Posted on 22. Jun, 2011 by .

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A system that could widely expand stent treatments for patients with diseased arteries won the top prize in the Schoofs Prize for Creativity, one of a pair of competitions that make up Innovation Days. The event, which offers more than $28,000 in total prizes, rewards UW-Madison students for innovative and marketable ideas. For the first [...]

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Piranhas and polymers: Students take materials science and ethics course in Colombia

Posted on 21. Jun, 2011 by .

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Behind every rubber product is a story that begins deep in the Amazon near a small city called Leticia at the southernmost tip of Colombia. In the early 20th century, 90 percent of the world’s rubber came from this region, at the cost of millions of indigenous peoples’ lives and significant rainforest destruction. Though Leticia [...]

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Living and learning in China: Engineering students travel to Hangzhou

Posted on 21. Jun, 2011 by .

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They visited public gardens, climbed mountains, navigated a megacity, attended the World Expo, and toured factories. On top of all that, the 17 College of Engineering students who spent summer 2010 in China also took college courses. (The 2011 trip runs May 30 through July 23 and, with 22 students, is filled to capacity.) The [...]

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UW-Madison economic impact statewide hits $12.4 billion

Posted on 21. Jun, 2011 by .

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UW-Madison’s profound impact on Wisconsin’s economy—one that totals $12.4 billion annually—is detailed in a late-March report that underscores the importance of the university to the state’s economic well being. The findings indicate that UW-Madison, along with its affiliated organizations and startup companies, supports 128,146 Wisconsin jobs and generates $614 million in state tax revenue. The [...]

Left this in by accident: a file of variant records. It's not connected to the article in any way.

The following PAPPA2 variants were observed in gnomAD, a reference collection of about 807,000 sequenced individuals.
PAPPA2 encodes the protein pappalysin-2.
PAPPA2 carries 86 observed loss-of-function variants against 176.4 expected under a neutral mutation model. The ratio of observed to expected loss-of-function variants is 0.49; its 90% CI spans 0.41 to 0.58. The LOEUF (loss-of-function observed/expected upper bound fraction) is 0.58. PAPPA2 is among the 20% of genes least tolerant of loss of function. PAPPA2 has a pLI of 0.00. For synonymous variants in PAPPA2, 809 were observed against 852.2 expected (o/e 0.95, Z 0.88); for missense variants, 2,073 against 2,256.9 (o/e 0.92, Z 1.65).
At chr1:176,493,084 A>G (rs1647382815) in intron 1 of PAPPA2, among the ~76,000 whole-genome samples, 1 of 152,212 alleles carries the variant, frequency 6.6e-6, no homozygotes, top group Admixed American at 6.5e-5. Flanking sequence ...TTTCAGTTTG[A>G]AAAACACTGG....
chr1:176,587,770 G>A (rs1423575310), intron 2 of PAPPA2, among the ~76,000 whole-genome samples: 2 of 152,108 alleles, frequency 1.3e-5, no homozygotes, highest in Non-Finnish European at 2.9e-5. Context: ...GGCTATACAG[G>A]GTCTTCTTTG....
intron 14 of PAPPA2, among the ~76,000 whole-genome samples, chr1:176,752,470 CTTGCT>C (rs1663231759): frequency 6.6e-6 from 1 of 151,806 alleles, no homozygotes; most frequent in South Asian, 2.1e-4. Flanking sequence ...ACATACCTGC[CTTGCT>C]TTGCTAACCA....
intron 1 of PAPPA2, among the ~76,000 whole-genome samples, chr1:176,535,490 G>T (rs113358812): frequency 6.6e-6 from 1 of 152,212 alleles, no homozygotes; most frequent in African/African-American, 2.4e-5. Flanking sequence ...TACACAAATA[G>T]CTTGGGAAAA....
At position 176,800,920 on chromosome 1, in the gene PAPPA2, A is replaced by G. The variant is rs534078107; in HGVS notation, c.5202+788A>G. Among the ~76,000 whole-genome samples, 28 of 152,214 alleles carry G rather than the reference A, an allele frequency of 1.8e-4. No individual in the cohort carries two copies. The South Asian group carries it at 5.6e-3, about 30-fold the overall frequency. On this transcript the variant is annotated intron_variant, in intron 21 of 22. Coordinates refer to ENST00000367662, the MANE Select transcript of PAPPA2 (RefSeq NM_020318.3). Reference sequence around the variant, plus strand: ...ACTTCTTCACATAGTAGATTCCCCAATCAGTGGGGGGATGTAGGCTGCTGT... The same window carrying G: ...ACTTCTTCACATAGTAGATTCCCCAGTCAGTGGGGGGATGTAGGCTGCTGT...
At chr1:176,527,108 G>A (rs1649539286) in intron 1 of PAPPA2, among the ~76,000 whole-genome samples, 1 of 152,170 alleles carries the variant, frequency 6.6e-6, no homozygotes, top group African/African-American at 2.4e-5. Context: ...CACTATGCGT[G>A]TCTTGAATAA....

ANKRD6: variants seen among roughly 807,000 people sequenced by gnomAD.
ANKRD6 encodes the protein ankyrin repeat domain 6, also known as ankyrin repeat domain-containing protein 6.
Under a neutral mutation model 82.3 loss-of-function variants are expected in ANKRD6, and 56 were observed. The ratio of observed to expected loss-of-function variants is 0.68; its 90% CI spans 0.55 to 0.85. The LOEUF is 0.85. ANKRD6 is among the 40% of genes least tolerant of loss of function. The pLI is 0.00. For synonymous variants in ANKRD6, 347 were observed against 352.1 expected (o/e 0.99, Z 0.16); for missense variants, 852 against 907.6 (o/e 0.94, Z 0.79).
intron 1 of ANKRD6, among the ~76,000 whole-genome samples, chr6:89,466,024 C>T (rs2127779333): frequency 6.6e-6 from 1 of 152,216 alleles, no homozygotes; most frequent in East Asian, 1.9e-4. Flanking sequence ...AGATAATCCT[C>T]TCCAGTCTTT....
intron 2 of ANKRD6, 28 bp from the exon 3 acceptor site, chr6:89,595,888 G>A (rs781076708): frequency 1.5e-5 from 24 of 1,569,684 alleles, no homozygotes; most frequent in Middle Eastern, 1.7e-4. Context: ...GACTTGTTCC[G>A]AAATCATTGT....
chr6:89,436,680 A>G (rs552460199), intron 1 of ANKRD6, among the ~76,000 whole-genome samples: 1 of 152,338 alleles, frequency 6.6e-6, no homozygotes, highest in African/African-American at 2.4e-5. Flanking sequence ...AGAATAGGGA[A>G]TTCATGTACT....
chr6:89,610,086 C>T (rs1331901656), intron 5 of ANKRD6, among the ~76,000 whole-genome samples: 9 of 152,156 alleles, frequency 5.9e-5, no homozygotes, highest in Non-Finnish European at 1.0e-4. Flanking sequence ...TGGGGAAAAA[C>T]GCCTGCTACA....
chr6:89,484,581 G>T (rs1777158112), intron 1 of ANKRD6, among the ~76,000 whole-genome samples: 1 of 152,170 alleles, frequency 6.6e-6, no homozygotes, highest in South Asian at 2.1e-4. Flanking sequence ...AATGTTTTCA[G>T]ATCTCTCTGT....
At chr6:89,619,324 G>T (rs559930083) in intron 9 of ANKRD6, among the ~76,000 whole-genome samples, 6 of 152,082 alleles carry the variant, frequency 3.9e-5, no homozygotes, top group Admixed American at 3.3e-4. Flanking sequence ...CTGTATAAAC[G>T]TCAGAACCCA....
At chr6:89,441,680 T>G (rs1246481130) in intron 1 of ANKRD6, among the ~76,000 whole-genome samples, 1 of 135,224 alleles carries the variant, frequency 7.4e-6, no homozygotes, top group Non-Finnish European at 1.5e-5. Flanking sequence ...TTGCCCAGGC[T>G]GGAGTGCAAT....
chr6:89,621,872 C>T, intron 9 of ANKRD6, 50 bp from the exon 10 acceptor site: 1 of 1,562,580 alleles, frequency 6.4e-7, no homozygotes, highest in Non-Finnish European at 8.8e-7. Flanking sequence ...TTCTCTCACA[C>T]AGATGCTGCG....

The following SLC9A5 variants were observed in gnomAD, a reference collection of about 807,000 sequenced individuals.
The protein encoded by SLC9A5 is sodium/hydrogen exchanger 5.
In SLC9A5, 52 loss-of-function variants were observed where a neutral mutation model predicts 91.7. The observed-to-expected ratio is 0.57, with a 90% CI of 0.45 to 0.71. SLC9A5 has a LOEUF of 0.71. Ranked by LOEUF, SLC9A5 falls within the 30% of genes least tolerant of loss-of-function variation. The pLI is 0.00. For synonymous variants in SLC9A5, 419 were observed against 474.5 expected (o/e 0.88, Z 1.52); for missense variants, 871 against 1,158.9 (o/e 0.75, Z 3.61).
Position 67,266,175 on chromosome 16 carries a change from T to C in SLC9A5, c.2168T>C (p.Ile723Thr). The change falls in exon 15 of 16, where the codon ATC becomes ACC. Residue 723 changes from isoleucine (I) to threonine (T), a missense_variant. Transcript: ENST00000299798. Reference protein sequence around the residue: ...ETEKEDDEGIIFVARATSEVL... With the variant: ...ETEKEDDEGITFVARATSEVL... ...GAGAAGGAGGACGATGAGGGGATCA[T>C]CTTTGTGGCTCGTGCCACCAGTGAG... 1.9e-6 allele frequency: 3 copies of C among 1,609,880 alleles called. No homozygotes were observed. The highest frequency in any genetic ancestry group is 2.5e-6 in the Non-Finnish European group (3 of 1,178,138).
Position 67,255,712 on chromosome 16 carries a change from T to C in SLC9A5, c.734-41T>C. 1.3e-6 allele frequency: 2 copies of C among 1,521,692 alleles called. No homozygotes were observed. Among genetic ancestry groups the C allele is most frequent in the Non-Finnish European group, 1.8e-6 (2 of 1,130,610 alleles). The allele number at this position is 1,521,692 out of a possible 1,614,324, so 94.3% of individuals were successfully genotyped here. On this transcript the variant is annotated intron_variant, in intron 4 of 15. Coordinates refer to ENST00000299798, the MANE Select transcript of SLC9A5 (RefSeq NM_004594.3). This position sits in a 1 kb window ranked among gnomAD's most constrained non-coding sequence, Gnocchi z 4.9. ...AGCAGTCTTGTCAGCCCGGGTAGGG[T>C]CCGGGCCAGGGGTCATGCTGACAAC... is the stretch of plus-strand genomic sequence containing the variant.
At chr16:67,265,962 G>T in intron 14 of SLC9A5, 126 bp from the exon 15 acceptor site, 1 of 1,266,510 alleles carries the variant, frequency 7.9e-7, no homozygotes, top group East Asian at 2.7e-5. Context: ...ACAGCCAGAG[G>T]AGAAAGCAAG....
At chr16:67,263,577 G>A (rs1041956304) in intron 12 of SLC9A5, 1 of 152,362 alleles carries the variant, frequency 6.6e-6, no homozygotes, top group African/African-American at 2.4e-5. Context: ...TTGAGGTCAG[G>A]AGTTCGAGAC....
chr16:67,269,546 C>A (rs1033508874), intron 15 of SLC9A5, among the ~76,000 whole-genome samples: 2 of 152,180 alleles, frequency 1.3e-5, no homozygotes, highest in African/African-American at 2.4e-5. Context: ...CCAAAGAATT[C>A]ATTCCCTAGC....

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‘Cooking up’ a competitive future

Posted on 22. Nov, 2010 by .

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Few university vehicle teams can attribute their success to hamburgers— lots and lots of hamburgers. Yet that’s exactly what future members of the University of Wisconsin-Madison vehicle teams will be able to do. At the 2009 Society of Automotive Engineers (SAE) Baja Wisconsin competition, in Burlington, Wisconsin, team members raised $10,000 by running a food [...]

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Probing the mysteries of nanoscale wear

Posted on 01. Sep, 2010 by .

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Mechanical Engineering Assistant Professor Kevin Turner is working with Illinois-based Advanced Diamond Technologies (ADT) andcollaborators at the University of Pennsylvania to design and fabricate high-performance, wear-resistant diamond probes for atomic-force microscopy, or AFM. AFM is a widely used research technique for measuring the nanoscale topography of surfaces. A sharp probe with a point that has [...]

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Solar researchers freeze out cancer

Posted on 01. Sep, 2010 by .

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One method for treating cancer involves injecting a patient with a metal probe in close proximity of a tumor. The probe is then rapidlycooled to the point of freezing and killing the surrounding tissue. Called a cryoprobe, the technique is gaining traction in medicine, but the procedure isn’t as simple or fast as many doctors [...]

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Plastics techniques, for people

Posted on 01. Sep, 2010 by .

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Six years ago, Mechanical Engineering Professor Lih-Sheng (Tom) Turng and then-PhD student Adam Kramschuster brainstormed how to use their expertise in polymer processing to make a larger difference for society. Out of their discussions came the idea to transfer polymer fabrication techniques to the field of tissue engineering—and the pair are now part of a [...]

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Improving the cutting edge

Posted on 01. Sep, 2010 by .

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Tiny tools—small enough to poke an individual lens on a ladybug’s eye—are getting more durable, thanks to ultrathin nanocrystalline diamond coatings developed by materials science graduate Patrick Heaney (MS ‘07, PhD ‘09) and his new company, NCD Technologies. Heaney is refining techniques he developed and patented as a graduate student to enhance the performance of [...]